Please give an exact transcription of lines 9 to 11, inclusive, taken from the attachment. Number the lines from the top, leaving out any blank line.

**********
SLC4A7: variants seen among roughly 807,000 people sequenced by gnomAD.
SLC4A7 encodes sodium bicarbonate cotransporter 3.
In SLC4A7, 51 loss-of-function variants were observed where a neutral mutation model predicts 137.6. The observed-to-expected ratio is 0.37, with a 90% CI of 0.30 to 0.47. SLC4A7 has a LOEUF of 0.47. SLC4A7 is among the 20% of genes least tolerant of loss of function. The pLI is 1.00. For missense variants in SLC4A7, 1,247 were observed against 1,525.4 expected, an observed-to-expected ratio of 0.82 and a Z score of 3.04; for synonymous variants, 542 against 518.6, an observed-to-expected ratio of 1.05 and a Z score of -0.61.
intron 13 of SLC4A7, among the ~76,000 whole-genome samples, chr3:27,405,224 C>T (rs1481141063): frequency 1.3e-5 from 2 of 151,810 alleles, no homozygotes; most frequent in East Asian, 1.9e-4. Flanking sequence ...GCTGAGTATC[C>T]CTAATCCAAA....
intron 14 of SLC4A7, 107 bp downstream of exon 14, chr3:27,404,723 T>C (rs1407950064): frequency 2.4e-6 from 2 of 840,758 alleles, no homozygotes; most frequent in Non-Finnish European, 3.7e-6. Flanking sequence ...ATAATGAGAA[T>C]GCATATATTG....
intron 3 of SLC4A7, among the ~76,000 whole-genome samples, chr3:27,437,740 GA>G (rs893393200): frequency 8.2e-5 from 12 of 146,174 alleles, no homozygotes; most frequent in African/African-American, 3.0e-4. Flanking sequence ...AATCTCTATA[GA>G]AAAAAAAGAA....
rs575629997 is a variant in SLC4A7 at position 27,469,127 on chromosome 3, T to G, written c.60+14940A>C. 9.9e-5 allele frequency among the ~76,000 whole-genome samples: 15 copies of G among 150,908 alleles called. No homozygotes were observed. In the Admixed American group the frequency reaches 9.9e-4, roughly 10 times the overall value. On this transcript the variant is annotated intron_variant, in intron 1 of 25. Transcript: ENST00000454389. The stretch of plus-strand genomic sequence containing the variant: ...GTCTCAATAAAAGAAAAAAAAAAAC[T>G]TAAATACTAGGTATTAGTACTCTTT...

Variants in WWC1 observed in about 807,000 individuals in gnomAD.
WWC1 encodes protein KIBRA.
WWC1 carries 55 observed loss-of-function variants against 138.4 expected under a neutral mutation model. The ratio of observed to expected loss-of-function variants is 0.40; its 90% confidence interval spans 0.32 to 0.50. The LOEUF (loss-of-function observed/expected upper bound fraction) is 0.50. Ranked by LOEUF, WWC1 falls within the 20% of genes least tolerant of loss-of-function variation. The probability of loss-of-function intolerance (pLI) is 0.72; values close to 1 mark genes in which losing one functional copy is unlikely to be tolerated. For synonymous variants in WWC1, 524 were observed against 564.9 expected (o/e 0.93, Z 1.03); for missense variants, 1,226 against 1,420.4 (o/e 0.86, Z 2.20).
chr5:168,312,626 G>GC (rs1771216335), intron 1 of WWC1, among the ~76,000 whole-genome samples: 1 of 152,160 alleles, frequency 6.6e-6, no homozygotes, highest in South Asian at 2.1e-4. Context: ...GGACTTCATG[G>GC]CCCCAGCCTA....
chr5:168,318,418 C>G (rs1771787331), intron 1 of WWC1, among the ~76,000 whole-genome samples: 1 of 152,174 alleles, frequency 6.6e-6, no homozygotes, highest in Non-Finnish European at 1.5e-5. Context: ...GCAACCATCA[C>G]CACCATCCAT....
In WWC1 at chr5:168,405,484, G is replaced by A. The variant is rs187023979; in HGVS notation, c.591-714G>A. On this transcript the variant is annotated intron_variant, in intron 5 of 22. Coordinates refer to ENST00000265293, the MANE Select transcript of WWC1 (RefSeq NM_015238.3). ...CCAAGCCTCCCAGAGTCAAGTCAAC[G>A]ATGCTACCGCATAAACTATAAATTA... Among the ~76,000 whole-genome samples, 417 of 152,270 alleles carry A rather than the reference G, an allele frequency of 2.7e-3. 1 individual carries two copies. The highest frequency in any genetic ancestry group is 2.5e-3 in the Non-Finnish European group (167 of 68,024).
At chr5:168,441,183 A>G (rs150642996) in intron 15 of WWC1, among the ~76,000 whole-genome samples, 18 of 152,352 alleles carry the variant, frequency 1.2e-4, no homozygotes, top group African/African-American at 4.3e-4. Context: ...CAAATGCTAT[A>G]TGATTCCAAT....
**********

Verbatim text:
WWC1 encodes protein KIBRA.
WWC1 carries 55 observed loss-of-function variants against 138.4 expected under a neutral mutation model. The ratio of observed to expected loss-of-function variants is 0.40; its 90% confidence interval spans 0.32 to 0.50. The LOEUF (loss-of-function observed/expected upper bound fraction) is 0.50. Ranked by LOEUF, WWC1 falls within the 20% of genes least tolerant of loss-of-function variation. The probability of loss-of-function intolerance (pLI) is 0.72; values close to 1 mark genes in which losing one functional copy is unlikely to be tolerated. For synonymous variants in WWC1, 524 were observed against 564.9 expected (o/e 0.93, Z 1.03); for missense variants, 1,226 against 1,420.4 (o/e 0.86, Z 2.20).
chr5:168,312,626 G>GC (rs1771216335), intron 1 of WWC1, among the ~76,000 whole-genome samples: 1 of 152,160 alleles, frequency 6.6e-6, no homozygotes, highest in South Asian at 2.1e-4. Context: ...GGACTTCATG[G>GC]CCCCAGCCTA....